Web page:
I am a little bored and I don’t feel like I am learning anything useful. It is not customised to my level, e.g. Maths is too easy and I am bored because I already know how to do it.
Primary student

Monitoring student progress

Teachers were not very positive about being able to monitor student progress during the lockdown (37 percent agreeing or strongly agreeing). Older and more experienced teachers reported greater success in monitoring student progress, however, across all teacher age groups more than half of teachers did not agree or strongly agree that they were able to monitor the progress of their students.

Figure 14: Percentage of teachers who agreed or strongly agreed that they had been able to monitor their students’ progress while they were learning from home

Figure 14 is a line graph showing the extent to which teachers found it easier to monitor students’ progress during lockdown. Thirty-two percent of eighteen to thirty-five year olds, thirty-six percent of thirty-six to fifty-five year olds and forty-seven percent of fifty-six plus year olds found it easier to monitor students progress during lockdown.

Figure 14 is a line graph showing the extent to which teachers found it easier to monitor students’ progress during lockdown. Thirty-two percent of eighteen to thirty-five year olds, thirty-six percent of thirty-six to fifty-five year olds and forty-seven percent of fifty-six plus year olds found it easier to monitor students progress during lockdown.

Section 3: Engagement in learning

Engagement in learning was mixed. Primary school students appear to have engaged more than secondary.

Enjoyment of learning from home

Students were more positive about being able to learn from home than they were about enjoying the process. Again, male students and secondary students were less likely to agree that they had enjoyed learning at home.

Figure 15: Percentage of students who agreed or strongly agreed that they enjoyed learning from home

Figure 15 is a bar graph showing the extent to which students enjoyed learning from home. For male students, forty-one percent of primary students and twenty-six percent of secondary students felt they enjoyed learning from home. For female students, forty-seven percent of primary students and thirty-four percent of secondary students felt they enjoyed learning from home.

Figure 15 is a bar graph showing the extent to which students enjoyed learning from home. For male students, forty-one percent of primary students and twenty-six percent of secondary students felt they enjoyed learning from home. For female students, forty-seven percent of primary students and thirty-four percent of secondary students felt they enjoyed learning from home.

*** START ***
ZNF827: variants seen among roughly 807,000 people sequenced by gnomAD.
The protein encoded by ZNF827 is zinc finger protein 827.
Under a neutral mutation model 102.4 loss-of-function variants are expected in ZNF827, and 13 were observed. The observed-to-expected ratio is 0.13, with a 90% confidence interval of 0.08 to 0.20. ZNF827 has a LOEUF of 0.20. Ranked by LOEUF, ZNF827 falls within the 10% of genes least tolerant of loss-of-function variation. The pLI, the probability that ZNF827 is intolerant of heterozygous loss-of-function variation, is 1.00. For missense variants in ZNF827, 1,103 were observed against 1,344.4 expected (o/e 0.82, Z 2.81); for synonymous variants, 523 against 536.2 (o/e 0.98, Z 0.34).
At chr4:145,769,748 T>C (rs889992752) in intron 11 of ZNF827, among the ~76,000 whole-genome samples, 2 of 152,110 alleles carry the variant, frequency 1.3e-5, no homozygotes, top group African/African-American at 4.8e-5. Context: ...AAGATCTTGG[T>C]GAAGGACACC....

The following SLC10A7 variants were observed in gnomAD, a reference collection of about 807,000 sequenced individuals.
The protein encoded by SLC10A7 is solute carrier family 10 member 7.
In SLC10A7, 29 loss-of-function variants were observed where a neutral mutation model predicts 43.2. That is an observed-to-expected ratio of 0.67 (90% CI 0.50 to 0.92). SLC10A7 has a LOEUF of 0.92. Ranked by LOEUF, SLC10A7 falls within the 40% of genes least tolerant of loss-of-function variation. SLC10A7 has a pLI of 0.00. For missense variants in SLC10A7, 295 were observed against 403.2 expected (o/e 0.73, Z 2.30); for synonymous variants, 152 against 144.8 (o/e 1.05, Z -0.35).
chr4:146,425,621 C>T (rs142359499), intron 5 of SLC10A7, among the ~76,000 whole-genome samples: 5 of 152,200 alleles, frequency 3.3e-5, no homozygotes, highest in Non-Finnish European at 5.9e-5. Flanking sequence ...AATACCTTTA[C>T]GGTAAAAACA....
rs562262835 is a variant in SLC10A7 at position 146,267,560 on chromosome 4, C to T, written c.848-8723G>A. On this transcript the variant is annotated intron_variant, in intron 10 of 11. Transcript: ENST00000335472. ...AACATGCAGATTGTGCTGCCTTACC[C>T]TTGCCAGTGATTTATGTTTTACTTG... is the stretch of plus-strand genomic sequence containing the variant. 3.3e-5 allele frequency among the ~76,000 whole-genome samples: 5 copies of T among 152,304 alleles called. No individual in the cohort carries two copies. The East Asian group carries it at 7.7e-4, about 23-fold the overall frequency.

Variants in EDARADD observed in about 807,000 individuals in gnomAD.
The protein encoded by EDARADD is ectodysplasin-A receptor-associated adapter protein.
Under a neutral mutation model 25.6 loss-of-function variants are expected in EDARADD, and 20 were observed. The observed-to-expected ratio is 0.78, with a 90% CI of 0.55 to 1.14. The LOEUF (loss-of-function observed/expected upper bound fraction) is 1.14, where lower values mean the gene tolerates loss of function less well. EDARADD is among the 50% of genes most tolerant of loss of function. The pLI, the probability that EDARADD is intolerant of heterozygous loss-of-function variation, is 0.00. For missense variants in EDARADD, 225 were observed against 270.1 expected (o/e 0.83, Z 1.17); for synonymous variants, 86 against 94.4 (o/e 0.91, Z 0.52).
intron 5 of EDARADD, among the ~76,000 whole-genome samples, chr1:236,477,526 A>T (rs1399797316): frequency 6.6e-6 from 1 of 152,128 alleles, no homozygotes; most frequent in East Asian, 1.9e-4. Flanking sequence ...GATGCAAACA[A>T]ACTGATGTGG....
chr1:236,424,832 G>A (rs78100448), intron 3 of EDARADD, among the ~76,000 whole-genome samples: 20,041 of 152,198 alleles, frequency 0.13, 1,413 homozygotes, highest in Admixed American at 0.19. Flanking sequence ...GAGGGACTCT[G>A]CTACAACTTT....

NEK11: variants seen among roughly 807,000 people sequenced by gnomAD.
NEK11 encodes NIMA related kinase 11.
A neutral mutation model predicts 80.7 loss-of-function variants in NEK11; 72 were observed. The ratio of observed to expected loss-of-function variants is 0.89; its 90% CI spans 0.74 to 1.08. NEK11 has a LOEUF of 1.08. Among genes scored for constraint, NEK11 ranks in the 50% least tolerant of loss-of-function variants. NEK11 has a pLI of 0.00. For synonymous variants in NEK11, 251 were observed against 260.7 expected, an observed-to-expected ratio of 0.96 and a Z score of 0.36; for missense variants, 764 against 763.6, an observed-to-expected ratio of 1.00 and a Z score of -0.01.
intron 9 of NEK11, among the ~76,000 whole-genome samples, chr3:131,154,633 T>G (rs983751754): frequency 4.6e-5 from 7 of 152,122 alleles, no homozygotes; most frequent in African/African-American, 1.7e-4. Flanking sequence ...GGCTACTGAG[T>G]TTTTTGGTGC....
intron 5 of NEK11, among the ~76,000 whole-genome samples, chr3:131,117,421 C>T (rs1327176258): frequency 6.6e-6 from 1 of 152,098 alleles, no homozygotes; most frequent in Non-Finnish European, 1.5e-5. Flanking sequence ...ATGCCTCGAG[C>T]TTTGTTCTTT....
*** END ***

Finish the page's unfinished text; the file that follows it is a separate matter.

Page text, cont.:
Half of all Pacific students who responded in decile 1-3 schools agreed or strongly agreed that they have enjoyed learning from home, compared with Māori (35 percent) and New Zealand European students (26 percent) in decile 1-3 schools. Having someone at home who could help with a student’s learning may help explain why they enjoyed learning from home. Eighty percent of Pacific students in decile 1-3 schools agreed or strongly agreed that they had people at home to help with their learning. Fewer Māori (67 percent) and New Zealand European (58 percent) students in decile 1-3 schools said they had someone at home who could help them.

Figure 16: Percentage of students in decile 1-3 schools who agreed or strongly agreed that they enjoyed learning from home

Figure 16 is a bar graph showing the extent to which students enjoyed learning from home and the extent to which students had people who they lived with to help them with their learning.

Figure 16 is a bar graph showing the extent to which students enjoyed learning from home and the extent to which students had people who they lived with to help them with their learning. Thirty-five percent of Māori students, twenty-six percent of European students and fifty percent of Pacific students felt they enjoyed working from home. Sixty-seven percent of Māori students, fifty-eight percent of European students and eighty percent of Pacific students felt they had people they lived with who could help them with their learning.

I find it difficult to find interest or concentrate on the learning subject at home, even if I remove all distractions. I also feel like this is consuming too much time and energy than a normal school-day would.
Secondary student

Student engagement – teachers’ perspective

Student engagement was of concern to teachers who responded to the survey. Only 27 percent of teachers agreed or strongly agreed that their students had been positively engaged in learning from home over the past week. A similar proportion at least somewhat disagreed with this statement, with around half of teachers responding that they ‘somewhat’ agreed. In general, younger teachers with fewer years of experience and teachers of older students were less likely to agree that their students had been positively engaged.

Figure 17: Percentage of teachers who agreed or strongly agreed that their students were positively engaged in learning from home

Figure 17 is a bar graph showing the extent to which teachers felt students were positively engaged in learning from home.